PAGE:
Marvin & the Content Providers
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The former music critic (Puncture) and ex-leader of Bay Area band X-tal, Marvin is a pleasure for those who decry that lyrics are a lost art. On his LPs (see also 2001s Slowly I Turned), Marvin favors light folk-rock with elements of the New Zealand Flying Nun style, only with a chest full of Americana elements, lots of violins, accordion, background horns, tambouras, theremin, wooden flute, slide whistle, and steel drums---even musical saws, and whatever a dumbek, a pandiero, and gongokqui bells are! But its Marvins strummy guitar and near-spoken-word writing thats the focal point, delivered tunefully like 60s Byrds or Fairport Convention, telling whole tales in song. The best is Primate House, with violins jawing against his catchy book-length words, describing the less than desirable behavior by anthropoid ape-like humans in one loony residence. Its the sort of LP where you put it on and hang on every word, wanting to find out what happens next. And good man that he is, Marvin records two New York covers, the dubious Yoko Ono (1973s Kite Song), and the unfairly forgotten Mink Deville (1980s Slow Drain) in sympathy with us for 9/11. Thanks, guy! Now check out his album. Its even better if you listen to it around a campfire.
- Jack Rabid, The Big Takeover, 2003
"J Neo Marvin and The Content Providers/What is Truth? (Ear Candle Recordings 2003) Marvin seems to be a journalist who writes for The Village Voice as well as The San Francisco Bay Guardian amongst others, but the thing that makes him hip for me is that he once interviewed Northern English legend Mark E Smith. 'What Is Truth?' is a fairly mellow mix of anti-folk and folk rock and covers the usual subjects such as capitalism, what old punks do when they calm down and why Republicans should never be allowed in Government. All subjects dear to my heart, well put and even better sung and played. Very interesting- has a whiff of old style radical Californian politics."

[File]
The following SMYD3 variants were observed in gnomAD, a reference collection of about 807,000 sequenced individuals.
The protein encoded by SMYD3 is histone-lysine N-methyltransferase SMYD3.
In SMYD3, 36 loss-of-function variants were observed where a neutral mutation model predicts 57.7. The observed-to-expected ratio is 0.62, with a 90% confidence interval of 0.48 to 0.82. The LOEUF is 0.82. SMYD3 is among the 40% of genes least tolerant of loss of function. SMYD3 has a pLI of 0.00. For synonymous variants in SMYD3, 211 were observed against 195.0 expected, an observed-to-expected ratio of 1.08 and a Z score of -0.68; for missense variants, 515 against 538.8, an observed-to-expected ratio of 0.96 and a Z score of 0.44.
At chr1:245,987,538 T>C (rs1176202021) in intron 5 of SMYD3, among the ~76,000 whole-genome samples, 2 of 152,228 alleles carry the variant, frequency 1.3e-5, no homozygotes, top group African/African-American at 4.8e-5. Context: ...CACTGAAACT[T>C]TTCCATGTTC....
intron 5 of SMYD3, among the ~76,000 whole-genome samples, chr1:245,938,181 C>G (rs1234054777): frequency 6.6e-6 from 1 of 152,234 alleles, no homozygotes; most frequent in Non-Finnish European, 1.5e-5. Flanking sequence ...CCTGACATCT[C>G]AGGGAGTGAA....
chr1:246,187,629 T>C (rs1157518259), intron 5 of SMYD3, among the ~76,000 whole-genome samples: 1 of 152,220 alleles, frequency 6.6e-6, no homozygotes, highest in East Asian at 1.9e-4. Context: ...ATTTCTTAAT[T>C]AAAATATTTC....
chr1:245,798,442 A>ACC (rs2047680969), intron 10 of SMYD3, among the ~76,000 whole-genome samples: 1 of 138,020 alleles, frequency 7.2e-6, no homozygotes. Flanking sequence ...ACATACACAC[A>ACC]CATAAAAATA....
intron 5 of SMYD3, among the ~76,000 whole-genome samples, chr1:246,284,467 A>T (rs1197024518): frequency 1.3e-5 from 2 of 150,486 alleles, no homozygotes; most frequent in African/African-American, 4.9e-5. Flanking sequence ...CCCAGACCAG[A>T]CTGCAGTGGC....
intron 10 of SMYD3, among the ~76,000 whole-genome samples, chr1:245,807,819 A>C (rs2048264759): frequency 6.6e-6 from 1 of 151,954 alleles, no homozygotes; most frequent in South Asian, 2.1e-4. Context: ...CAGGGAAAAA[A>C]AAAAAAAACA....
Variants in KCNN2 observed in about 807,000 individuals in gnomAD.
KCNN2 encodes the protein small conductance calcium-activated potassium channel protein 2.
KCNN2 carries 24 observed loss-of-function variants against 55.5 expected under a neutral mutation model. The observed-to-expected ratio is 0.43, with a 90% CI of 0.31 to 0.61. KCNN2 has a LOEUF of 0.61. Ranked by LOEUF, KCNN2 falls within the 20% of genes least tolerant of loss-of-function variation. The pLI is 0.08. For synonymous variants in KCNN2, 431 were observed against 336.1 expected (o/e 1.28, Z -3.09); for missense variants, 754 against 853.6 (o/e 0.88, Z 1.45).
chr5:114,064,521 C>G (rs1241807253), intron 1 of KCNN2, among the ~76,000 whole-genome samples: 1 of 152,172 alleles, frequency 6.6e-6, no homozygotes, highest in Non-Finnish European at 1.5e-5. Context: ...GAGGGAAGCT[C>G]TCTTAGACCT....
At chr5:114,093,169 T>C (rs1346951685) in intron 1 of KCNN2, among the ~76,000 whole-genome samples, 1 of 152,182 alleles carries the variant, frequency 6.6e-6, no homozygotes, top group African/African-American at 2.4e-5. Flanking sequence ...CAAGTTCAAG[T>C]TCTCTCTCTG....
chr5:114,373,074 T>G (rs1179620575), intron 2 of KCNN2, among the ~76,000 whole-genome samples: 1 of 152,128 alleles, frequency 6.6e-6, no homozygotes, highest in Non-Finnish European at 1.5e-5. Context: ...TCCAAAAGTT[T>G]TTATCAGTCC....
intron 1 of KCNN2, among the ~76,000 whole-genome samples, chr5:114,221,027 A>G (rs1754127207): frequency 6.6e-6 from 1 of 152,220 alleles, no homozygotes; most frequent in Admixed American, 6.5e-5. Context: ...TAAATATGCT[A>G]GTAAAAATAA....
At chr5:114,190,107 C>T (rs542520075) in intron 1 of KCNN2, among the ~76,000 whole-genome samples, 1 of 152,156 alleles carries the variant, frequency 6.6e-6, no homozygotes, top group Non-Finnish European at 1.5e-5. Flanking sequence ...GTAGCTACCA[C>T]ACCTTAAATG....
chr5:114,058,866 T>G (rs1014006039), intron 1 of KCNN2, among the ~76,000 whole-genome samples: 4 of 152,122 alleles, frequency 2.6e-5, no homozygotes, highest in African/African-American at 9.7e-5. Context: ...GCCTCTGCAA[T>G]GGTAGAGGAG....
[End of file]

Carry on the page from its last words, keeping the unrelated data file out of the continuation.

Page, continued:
- AMERICANA U.K., 2003
"J Neo Marvin sings with a quirky tremor (think the Waterboys), and while his voice requires meat, his lyrics fulfill all expectations. Discover cool political rhetoric and find out why "I feel like I need to take a shower every time somebody speaks" is only the tip of the iceberg."
Sonia Pereira, Punk Planet, 2003
"I've seen these guys live, and they're pretty good. They have a very unconventional band and sound, with multiple keyboards, hand drums, violins, and the traditional bass and guitar section. The songs are creative and a lot of attention has obviously been paid on lyrical craftsmanship. Most of the songs are very intelligent and cover a range of punk-feeling topics, from dissatisfaction with the current socio-political realities, analysis of failed friendships, to angst and bitterness with consumerism and the 'me, me, me' culture. It's not all down, though, and you may find an upbeat love song hidden in the mix. =) The music itself is often very pleasant, sometimes in stark contrast to the lyrics laid down on top of them. There's a very accoustic and folk-y sound to it. All in all, a great album and an even better live band."
- Aaron Mckee, Amazon.com customer review
"The tender but twisted feel of the Velvet Underground and Big Star with the punk-folk vibe of the Mekons."
Pat Thomas, Devil In The Woods, 2001
A roughly strummed mixture of dark, intimate pop and sly social commentary, as good as anything from X-tal.
John Chandler, Portland Mercury, April 2001
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